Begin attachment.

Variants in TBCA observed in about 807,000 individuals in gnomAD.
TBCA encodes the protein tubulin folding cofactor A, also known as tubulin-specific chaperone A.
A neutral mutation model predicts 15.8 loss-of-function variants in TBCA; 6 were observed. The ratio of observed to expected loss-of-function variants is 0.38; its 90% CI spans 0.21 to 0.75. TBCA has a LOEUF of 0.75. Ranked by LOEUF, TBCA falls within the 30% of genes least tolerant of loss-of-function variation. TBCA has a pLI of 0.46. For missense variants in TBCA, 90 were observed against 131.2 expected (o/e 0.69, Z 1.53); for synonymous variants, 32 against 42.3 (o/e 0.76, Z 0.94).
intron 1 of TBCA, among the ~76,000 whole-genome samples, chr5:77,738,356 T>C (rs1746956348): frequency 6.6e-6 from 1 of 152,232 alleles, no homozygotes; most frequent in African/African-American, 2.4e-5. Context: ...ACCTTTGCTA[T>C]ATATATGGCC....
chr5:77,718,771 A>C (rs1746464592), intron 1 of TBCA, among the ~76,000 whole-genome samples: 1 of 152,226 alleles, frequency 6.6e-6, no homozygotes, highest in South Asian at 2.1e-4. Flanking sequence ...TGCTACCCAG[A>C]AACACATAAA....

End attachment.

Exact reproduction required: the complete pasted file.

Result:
Variants in TBCA observed in about 807,000 individuals in gnomAD.
TBCA encodes the protein tubulin folding cofactor A, also known as tubulin-specific chaperone A.
A neutral mutation model predicts 15.8 loss-of-function variants in TBCA; 6 were observed. The ratio of observed to expected loss-of-function variants is 0.38; its 90% CI spans 0.21 to 0.75. TBCA has a LOEUF of 0.75. Ranked by LOEUF, TBCA falls within the 30% of genes least tolerant of loss-of-function variation. TBCA has a pLI of 0.46. For missense variants in TBCA, 90 were observed against 131.2 expected (o/e 0.69, Z 1.53); for synonymous variants, 32 against 42.3 (o/e 0.76, Z 0.94).
intron 1 of TBCA, among the ~76,000 whole-genome samples, chr5:77,738,356 T>C (rs1746956348): frequency 6.6e-6 from 1 of 152,232 alleles, no homozygotes; most frequent in African/African-American, 2.4e-5. Context: ...ACCTTTGCTA[T>C]ATATATGGCC....
chr5:77,718,771 A>C (rs1746464592), intron 1 of TBCA, among the ~76,000 whole-genome samples: 1 of 152,226 alleles, frequency 6.6e-6, no homozygotes, highest in South Asian at 2.1e-4. Flanking sequence ...TGCTACCCAG[A>C]AACACATAAA....